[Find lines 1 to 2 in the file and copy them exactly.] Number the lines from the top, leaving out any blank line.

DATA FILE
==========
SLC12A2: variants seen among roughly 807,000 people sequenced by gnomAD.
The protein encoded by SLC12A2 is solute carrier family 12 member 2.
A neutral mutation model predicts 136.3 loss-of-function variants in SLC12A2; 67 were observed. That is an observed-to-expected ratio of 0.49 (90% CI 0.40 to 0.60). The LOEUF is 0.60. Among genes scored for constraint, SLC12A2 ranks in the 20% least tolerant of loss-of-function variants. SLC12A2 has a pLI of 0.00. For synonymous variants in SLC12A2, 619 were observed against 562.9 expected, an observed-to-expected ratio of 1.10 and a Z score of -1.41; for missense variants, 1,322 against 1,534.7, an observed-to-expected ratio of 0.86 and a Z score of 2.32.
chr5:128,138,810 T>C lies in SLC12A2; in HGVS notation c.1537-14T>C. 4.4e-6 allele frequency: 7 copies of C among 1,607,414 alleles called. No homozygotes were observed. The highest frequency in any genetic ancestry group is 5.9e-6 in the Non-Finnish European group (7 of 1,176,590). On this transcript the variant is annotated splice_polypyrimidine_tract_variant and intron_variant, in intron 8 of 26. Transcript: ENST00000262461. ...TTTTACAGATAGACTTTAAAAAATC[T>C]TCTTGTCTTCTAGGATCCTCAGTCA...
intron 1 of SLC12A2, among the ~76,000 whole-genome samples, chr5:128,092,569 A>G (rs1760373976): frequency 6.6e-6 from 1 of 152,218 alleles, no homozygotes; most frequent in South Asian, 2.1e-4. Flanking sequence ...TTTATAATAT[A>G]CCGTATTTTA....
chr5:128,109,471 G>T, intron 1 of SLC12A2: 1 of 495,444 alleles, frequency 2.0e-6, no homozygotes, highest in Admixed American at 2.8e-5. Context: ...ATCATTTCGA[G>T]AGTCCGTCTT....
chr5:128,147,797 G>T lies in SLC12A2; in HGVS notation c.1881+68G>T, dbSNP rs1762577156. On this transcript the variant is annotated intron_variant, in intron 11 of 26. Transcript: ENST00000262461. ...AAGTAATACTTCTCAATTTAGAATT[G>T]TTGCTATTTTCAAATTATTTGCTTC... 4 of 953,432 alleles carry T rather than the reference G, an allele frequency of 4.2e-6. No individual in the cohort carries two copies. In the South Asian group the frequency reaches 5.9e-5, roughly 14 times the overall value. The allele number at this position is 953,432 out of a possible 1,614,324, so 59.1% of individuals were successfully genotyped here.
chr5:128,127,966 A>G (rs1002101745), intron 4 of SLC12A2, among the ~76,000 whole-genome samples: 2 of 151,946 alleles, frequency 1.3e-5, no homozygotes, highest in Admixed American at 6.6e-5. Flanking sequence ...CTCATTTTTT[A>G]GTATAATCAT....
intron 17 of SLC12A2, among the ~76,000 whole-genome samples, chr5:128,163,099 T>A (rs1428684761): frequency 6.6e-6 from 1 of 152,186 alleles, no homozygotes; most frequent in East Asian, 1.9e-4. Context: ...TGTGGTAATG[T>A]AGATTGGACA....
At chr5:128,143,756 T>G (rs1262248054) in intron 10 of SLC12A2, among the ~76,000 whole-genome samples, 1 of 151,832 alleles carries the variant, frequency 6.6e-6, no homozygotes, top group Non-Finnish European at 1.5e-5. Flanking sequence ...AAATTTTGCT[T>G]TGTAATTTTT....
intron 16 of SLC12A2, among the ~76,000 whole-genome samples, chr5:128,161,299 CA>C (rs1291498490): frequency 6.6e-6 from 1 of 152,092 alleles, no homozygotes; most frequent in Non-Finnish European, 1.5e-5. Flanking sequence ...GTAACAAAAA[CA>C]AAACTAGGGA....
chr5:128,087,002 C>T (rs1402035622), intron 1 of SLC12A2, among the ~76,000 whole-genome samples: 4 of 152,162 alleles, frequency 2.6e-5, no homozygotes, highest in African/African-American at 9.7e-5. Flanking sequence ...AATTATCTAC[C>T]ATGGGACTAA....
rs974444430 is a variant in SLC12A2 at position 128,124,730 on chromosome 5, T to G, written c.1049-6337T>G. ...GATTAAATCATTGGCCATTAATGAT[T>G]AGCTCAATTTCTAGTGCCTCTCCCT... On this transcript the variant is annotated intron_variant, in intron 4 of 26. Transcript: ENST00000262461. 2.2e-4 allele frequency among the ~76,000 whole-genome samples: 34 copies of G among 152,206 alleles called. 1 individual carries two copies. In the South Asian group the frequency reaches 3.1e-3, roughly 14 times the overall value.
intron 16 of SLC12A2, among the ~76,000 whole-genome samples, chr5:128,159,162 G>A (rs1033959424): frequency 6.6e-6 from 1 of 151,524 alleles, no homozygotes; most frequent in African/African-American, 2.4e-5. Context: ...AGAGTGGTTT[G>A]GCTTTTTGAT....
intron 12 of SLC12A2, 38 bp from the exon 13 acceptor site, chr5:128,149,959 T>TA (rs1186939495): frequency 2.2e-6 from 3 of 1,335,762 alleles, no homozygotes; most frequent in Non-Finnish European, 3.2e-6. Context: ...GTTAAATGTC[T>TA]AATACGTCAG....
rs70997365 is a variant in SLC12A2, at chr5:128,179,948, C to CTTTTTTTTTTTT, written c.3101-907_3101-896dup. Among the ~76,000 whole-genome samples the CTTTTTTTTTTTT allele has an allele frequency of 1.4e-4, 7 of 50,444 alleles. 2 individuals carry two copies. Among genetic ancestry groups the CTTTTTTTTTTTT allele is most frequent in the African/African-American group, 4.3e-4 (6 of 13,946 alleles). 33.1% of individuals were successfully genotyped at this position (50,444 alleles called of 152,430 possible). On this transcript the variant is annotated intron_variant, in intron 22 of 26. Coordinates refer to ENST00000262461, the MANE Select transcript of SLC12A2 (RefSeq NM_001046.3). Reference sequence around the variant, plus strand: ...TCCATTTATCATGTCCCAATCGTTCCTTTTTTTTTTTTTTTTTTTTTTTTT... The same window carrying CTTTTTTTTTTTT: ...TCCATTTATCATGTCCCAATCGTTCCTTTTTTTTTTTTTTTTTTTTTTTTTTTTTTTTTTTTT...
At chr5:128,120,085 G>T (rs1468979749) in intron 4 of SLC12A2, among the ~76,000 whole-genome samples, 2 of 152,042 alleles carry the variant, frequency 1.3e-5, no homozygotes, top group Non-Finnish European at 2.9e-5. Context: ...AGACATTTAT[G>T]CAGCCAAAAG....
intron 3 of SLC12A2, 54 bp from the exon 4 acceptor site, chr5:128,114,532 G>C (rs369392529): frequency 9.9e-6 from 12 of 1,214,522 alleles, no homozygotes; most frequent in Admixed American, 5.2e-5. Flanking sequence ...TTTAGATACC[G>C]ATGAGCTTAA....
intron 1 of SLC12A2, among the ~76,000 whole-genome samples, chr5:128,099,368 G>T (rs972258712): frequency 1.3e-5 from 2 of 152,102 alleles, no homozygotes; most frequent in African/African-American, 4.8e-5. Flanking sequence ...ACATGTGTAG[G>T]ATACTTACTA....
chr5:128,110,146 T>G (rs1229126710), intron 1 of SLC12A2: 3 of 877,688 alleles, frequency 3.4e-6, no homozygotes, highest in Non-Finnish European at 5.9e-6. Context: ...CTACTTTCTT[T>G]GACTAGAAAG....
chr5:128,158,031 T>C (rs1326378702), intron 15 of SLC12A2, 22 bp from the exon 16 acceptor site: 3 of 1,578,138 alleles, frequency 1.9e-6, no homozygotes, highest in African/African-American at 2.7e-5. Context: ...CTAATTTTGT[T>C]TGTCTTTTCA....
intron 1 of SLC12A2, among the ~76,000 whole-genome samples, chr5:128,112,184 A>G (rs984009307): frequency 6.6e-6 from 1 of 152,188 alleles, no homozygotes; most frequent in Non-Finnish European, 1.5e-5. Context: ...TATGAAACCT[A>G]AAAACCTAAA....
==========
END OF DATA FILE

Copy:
SLC12A2: variants seen among roughly 807,000 people sequenced by gnomAD.
The protein encoded by SLC12A2 is solute carrier family 12 member 2.